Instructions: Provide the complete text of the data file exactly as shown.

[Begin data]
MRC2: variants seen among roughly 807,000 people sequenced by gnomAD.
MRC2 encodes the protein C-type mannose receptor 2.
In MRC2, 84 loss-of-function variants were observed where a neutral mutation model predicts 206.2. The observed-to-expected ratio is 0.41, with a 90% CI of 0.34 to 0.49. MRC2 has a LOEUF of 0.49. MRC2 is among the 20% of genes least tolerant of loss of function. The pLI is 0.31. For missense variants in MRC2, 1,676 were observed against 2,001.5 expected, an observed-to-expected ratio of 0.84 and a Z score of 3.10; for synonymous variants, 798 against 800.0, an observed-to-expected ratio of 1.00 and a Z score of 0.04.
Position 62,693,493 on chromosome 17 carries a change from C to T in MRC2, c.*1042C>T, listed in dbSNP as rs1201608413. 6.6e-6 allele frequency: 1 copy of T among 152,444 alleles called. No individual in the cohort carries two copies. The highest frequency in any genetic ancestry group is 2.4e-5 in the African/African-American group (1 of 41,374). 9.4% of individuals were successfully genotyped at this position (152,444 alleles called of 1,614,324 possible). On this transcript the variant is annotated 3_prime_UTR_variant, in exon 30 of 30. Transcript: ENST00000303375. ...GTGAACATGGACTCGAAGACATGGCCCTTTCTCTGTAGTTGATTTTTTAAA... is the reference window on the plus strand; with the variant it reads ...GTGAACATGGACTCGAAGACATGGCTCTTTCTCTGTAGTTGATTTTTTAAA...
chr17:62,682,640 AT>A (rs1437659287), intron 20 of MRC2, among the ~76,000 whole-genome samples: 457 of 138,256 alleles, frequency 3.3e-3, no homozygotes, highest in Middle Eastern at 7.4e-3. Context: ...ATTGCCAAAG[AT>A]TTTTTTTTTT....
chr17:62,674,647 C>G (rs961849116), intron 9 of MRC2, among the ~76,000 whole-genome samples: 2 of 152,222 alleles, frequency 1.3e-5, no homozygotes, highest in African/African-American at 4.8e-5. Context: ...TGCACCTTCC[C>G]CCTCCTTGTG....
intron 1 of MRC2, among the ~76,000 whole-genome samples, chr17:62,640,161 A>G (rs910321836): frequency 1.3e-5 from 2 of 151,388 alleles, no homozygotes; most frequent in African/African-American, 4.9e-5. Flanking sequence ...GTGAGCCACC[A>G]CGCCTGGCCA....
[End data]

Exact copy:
MRC2: variants seen among roughly 807,000 people sequenced by gnomAD.
MRC2 encodes the protein C-type mannose receptor 2.
In MRC2, 84 loss-of-function variants were observed where a neutral mutation model predicts 206.2. The observed-to-expected ratio is 0.41, with a 90% CI of 0.34 to 0.49. MRC2 has a LOEUF of 0.49. MRC2 is among the 20% of genes least tolerant of loss of function. The pLI is 0.31. For missense variants in MRC2, 1,676 were observed against 2,001.5 expected, an observed-to-expected ratio of 0.84 and a Z score of 3.10; for synonymous variants, 798 against 800.0, an observed-to-expected ratio of 1.00 and a Z score of 0.04.
Position 62,693,493 on chromosome 17 carries a change from C to T in MRC2, c.*1042C>T, listed in dbSNP as rs1201608413. 6.6e-6 allele frequency: 1 copy of T among 152,444 alleles called. No individual in the cohort carries two copies. The highest frequency in any genetic ancestry group is 2.4e-5 in the African/African-American group (1 of 41,374). 9.4% of individuals were successfully genotyped at this position (152,444 alleles called of 1,614,324 possible). On this transcript the variant is annotated 3_prime_UTR_variant, in exon 30 of 30. Transcript: ENST00000303375. ...GTGAACATGGACTCGAAGACATGGCCCTTTCTCTGTAGTTGATTTTTTAAA... is the reference window on the plus strand; with the variant it reads ...GTGAACATGGACTCGAAGACATGGCTCTTTCTCTGTAGTTGATTTTTTAAA...
chr17:62,682,640 AT>A (rs1437659287), intron 20 of MRC2, among the ~76,000 whole-genome samples: 457 of 138,256 alleles, frequency 3.3e-3, no homozygotes, highest in Middle Eastern at 7.4e-3. Context: ...ATTGCCAAAG[AT>A]TTTTTTTTTT....
chr17:62,674,647 C>G (rs961849116), intron 9 of MRC2, among the ~76,000 whole-genome samples: 2 of 152,222 alleles, frequency 1.3e-5, no homozygotes, highest in African/African-American at 4.8e-5. Context: ...TGCACCTTCC[C>G]CCTCCTTGTG....
intron 1 of MRC2, among the ~76,000 whole-genome samples, chr17:62,640,161 A>G (rs910321836): frequency 1.3e-5 from 2 of 151,388 alleles, no homozygotes; most frequent in African/African-American, 4.9e-5. Flanking sequence ...GTGAGCCACC[A>G]CGCCTGGCCA....